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How an Inheritance Loan Works

Learn more about the financial product that puts money in the hands of those waiting on the probate of a will.

Learn about inheritance loans.

Inheritance loans, which are sometimes called probate loans and inheritance funding, are loans that a loan provider makes to people who are scheduled to inherit money and other assets from a family member or friend. Probate often takes a long time, and many people need money for various purposes after the death of a loved one. The most common types of these loans fall into two categories: an advance loan on the assets that you’re scheduled to inherit and a loan that uses your inheritance as collateral for repayment of the loan in regular monthly payments. 

Regular banks and credit unions don’t offer these types of loan products, so you have to contact an inheritance lending company. The good news is that you can receive the money in as little as 2 or 3 days if everything’s in order and there aren’t any probate complications. The bad news is that these loan companies charge considerably higher fees than traditional lenders like banks and credit unions. 

You should also consult your lawyer first because estates and inheritance laws can be complex. There might be restrictions on certain property – such as a requirement that a home is kept in the family – that prevent you from transferring it, selling it, or using it as collateral. 

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Inheritance Advance Loans

The simplest inheritance funding is a cash loan that you repay when you receive your inheritance. The application process only takes a few minutes if you have all your documentation, and you can apply online. You don’t need good credit to get approved because you’re getting a loan using your inheritance as collateral. You repay the entire loan and interest after the estate is settled. There’s a legal lien against your share of the inheritance, so lenders run little risk of the loan not being repaid. 

It’s important to compare interest rates, terms, and each lender’s online reputation. Find out if there are any hidden fees. Read the fine print because you could lose thousands of dollars if you don’t understand your contract. The interest rate runs very high just to get your money a few months early. 

Estate-Based Loans

Estate-based loans work like personal loans that are guaranteed by collateral. Your inheritance is the collateral, and you can borrow against it. Some estate loans work like advance-type loans because you can repay the full amount when you receive your inheritance. These loans can also work like installment loans with regular monthly payments. It’s important to consider whether you can afford the monthly payments while waiting for the estate to be settled. Some lenders won’t make estate-based loans to people with poor credit.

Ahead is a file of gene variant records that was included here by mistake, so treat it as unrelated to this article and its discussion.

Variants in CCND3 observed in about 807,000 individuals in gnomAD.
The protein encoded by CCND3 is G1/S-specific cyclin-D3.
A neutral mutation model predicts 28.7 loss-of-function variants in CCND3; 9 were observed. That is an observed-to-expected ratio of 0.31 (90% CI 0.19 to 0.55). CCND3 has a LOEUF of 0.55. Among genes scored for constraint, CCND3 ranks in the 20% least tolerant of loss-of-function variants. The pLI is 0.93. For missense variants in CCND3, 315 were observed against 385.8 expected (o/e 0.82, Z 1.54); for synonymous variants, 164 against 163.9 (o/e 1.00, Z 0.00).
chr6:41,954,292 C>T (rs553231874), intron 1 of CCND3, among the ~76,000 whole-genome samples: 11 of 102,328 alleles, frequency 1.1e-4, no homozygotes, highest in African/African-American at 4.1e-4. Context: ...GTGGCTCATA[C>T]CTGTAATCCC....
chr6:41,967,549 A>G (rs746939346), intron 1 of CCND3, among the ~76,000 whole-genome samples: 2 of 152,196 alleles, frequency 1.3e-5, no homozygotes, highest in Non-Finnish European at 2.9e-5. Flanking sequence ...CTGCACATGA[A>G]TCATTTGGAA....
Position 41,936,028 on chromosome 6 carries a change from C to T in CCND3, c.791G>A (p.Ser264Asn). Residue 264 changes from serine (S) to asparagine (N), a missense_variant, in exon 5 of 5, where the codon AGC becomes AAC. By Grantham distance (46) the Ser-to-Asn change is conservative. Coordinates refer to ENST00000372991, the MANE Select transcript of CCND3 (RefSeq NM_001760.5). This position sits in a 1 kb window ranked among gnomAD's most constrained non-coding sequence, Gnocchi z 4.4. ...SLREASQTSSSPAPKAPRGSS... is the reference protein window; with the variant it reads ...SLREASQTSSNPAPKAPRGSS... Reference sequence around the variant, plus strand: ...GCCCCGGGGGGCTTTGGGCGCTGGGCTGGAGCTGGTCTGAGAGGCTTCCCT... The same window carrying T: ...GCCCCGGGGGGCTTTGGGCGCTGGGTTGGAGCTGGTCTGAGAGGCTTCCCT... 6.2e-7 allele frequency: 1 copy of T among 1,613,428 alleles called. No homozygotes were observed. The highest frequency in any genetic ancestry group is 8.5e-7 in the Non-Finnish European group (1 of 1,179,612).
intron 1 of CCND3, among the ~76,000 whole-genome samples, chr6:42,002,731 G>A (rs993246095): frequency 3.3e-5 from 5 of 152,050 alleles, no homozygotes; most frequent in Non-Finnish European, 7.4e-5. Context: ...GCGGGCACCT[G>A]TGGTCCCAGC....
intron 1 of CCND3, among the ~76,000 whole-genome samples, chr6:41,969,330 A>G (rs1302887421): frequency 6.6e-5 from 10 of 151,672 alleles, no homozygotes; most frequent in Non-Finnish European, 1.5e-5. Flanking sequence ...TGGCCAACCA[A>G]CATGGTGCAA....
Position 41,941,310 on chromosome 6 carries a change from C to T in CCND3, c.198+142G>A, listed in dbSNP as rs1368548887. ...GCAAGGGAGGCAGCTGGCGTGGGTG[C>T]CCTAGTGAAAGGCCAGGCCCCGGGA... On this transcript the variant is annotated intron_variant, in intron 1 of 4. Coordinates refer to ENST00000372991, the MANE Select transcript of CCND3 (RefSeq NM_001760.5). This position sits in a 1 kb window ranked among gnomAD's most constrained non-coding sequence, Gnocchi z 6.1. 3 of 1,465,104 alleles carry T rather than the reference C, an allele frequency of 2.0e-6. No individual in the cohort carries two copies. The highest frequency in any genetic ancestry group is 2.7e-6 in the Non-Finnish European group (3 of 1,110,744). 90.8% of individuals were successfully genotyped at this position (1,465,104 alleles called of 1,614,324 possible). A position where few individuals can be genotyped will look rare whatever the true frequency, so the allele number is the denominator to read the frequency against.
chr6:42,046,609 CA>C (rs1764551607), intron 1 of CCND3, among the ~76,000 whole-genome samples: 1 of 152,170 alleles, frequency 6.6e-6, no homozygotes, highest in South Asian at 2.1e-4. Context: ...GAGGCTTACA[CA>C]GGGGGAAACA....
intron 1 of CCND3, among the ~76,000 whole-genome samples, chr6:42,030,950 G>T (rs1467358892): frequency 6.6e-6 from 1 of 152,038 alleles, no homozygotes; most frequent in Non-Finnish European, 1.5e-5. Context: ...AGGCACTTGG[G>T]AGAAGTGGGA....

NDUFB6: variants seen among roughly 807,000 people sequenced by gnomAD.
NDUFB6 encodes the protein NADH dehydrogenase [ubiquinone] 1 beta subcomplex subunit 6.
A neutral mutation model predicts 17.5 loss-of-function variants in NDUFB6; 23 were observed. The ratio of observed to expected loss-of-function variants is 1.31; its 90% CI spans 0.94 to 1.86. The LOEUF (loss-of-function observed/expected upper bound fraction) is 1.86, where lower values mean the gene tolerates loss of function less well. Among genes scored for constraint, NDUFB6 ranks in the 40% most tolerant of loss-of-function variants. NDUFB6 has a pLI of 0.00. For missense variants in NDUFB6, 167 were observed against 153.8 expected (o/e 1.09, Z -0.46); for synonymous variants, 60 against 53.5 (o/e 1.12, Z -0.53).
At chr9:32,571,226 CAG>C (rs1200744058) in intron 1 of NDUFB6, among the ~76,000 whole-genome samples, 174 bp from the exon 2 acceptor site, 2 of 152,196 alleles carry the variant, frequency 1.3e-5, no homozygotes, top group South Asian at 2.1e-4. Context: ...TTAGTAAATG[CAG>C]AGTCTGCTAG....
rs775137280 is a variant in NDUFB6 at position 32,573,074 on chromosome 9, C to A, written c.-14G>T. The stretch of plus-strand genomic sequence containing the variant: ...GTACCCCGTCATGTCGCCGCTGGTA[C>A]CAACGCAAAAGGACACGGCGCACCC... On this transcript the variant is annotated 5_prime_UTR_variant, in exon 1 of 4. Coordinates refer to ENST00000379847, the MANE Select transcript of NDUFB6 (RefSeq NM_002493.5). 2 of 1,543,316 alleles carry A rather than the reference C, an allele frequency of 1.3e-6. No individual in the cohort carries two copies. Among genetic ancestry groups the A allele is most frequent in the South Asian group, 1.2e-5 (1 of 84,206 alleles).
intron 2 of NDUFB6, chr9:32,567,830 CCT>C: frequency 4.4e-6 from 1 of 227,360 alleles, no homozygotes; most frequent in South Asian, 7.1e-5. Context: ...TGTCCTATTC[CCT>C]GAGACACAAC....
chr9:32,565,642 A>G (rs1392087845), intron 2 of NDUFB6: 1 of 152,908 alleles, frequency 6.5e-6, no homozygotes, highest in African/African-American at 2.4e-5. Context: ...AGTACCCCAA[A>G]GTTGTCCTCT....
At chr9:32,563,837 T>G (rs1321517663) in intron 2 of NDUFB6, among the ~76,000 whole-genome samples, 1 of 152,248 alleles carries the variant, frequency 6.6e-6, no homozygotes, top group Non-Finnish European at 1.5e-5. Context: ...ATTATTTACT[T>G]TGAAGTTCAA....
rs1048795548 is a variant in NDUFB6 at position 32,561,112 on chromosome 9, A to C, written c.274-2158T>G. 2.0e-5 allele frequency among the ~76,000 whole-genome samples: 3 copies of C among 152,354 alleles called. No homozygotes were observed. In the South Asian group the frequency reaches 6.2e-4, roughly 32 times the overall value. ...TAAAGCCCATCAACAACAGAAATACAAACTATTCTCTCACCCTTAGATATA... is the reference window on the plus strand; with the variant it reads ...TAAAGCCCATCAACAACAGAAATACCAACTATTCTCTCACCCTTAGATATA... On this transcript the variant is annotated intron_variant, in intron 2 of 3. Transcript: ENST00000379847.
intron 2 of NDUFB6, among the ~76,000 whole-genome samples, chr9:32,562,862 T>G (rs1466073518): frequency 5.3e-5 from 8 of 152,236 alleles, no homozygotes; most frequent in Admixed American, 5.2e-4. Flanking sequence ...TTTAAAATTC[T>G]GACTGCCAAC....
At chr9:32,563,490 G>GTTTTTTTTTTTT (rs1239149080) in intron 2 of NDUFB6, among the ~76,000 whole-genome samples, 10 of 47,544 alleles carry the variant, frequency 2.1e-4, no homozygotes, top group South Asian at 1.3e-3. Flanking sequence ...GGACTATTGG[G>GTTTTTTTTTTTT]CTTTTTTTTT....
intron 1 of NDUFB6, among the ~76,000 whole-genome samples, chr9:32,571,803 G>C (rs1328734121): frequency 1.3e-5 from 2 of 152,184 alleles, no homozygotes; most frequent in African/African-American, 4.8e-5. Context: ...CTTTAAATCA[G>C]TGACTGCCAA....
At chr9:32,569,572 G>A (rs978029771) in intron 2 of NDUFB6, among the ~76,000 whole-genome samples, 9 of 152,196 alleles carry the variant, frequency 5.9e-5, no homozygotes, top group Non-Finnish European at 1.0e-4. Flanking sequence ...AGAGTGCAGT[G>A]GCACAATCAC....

If you receive a loan for the entire amount of the inheritance, you don’t have to do anything after probate. The lender will receive the inheritance to settle the debt. If the loan is for part of the inheritance, that money will be deducted and given to the lender. 

What Are the Most Common Reasons for Getting Loans Based on an Inheritance?

The reasons why people choose loans based on inheritances vary widely, but some of the most common reasons include: 

  • Paying off debts
  • Covering the funeral expenses of the deceased
  • Maintaining a lifestyle that the deceased funded while alive
  • Settling claims against the estate
  • Paying for time-sensitive expenses such as college tuition
  • Covering the costs associated with settling the estate
  • Negotiating with other heirs to inherit real estate instead of cash
  • Covering daily expenses while waiting on an inheritance
  • Buying a home so that you can stop paying rent

There are hundreds of other reasons for getting a loan, including some with good and some with bad financing ideas. However, it’s your inheritance, and you have the right to use it as you see fit unless there are restrictions in the will.